ROUNDUP, Mont. – One of the hardest-hit towns in flood-soaked Montana took another blow Wednesday, as record flooding struck the small agricultural community for the second time in two weeks and forced residents to flee homes they had just started to clean up.
Fueled by record rains and melting snow, the Musselshell River gushed into Roundup's low-lying neighborhoods. Cars and trucks left behind were nearly submerged, and the ground floors of some homes were swamped by the river before it began receding.
Officials evacuated between 30 and 35 residences and businesses on the southern end of the central Montana town.
It was a repeat of a scene that occurred last month when the Musselshell flooded dozens of homes and businesses in Roundup. Much of the town was inundated for almost a week, contributing to Gov. Brian Schweitzer's request for a presidential disaster declaration for Montana.
Some residents were clearly frustrated to see the muddy river again gushing across their lawns and into their homes.
"We just had all this pumped out, and I'll be damned. What a waste of money," said Mike Balich, 66, as he looked over his flooded neighborhood.
Balich's house is a couple of hundred yards from the river, near a dike that had breached last month. He said he removed 12 trailer loads of ruined property from his house and a neighbor's house — and now fears he may have to do it yet again.
Still, this time Roundup was better prepared. Some residents had time to lay sandbags around their homes. And the city built protection around its water system, which was compromised during the first round of high water.
Along Highway 12, an earthen levee was built to fill in a washed-out railroad bed that had been a source of flooding in the town two weeks ago.
But after the river overtopped the levee Wednesday morning, the makeshift structure quickly eroded and water began pouring into parts of the town by afternoon, said Jolene Sealey with Musselshell County Disaster and Emergency Services.
Across from the levee, Elaine Krueger had closed her gun and pawn shop and was packing up the guns and ammunition to store them at a friend's house.
"I'm not going to trust the new levee they put over there. I'm going to get as much as I can out," she said.
More than 5 inches of rain fell Monday night between Rapelje and Ryegate, according to the National Weather Service. The combination of rain and mountain snowmelt caused the river to rise above flood stage from Harlowton to Roundup, the weather service said.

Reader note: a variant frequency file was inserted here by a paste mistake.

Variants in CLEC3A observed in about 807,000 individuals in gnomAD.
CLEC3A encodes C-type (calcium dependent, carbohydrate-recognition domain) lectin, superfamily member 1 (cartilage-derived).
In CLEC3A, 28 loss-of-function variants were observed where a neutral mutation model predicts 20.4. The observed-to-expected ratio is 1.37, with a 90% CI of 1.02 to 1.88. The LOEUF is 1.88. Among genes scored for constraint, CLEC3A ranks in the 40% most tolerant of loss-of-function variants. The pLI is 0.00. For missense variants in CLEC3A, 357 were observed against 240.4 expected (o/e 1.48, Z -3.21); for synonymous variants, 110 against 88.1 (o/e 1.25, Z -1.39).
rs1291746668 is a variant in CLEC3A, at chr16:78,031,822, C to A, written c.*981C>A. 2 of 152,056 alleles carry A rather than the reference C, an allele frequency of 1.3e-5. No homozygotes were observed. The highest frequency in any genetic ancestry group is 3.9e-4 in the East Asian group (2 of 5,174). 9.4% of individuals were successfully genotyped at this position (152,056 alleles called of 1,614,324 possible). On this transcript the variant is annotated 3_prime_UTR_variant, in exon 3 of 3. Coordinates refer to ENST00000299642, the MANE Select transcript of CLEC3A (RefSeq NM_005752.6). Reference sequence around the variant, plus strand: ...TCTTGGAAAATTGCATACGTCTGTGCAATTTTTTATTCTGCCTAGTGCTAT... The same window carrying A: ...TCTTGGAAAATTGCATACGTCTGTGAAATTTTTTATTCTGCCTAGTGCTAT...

Major flooding stage for the Musselshell is 11 feet at Roundup. Last month, the river broke a record by swelling to a record 12.9 feet. The river had already surpassed that record by Wednesday morning, cresting at 14.1 feet, according to the weather service.
It was expected to drop to just over 10 feet by Friday afternoon.
Forecasters predicted rain for the Roundup area Thursday, possibly up to an inch.
On Wednesday, flood warnings covered much of the rest of the state, stretching from southwestern Missoula to northeastern Glasgow.
The Lewis and Clark County Commission declared a flood emergency Tuesday and officials issued an evacuation advisory for at least a half-dozen homes in East Helena.
Paul Spengler, emergency operations manager for the county, told the Independent Record on Wednesday the East Helena sewage plant was flooding, water was coming out of the manholes and the system can't keep up.
Heavy rain in western Montana on Wednesday was expected to lead to sharp rises in water levels and possible landslides.
Upstream from Missoula, the Clark Fork River was expected to rise 2 feet above major flood stage by Saturday, threatening East Missoula homes and roadways in the area, meteorologists said.
Rivers and streams in other Western states, including Wyoming and Colorado, also continued to rise with mountain snowmelt.
Flood warnings remained in effect for much of Carbon and Albany counties in southeast Wyoming, as well as Lincoln County in western Wyoming.
A flash flood watch was posted Wednesday for the east side of the Bighorn Mountains and lower elevations of Johnson County, Wyo., because of the threat of rain falling on swollen creeks and streams. And a flood advisory was posted for northwest Wyoming, including Yellowstone National Park.
In Idaho, Gov. C.L. "Butch" Otter planned to visit three counties in the eastern part of the state Thursday to survey damage caused by flooding rivers in the region.
All three counties — Jefferson, Madison and Bingham — were under a state disaster declaration for flood damage and risk.
On the Missouri River, the U.S. Army Corps of Engineers is pushing record amounts of water through dams to get rid of the unexpectedly heavy rains that fell last month in eastern Montana and Wyoming and western North Dakota and South Dakota.
The river is expected to crest 5 to 7 feet above flood stage in Iowa and Nebraska next week, but the water will remain high until at least August.
In Nebraska, state officials have been in close contact with the flood-affected counties, are keeping an eye on possible road closures and can deploy 2,000 National Guard members at a moment's notice, Gov. Dave Heineman said Wednesday.
"We need to be prepared for the unexpected," Heineman said during a stop in Blair as he toured flood-affected towns in eastern Nebraska. "As sure as I'm sitting here, something's going to happen that we're not thinking of."
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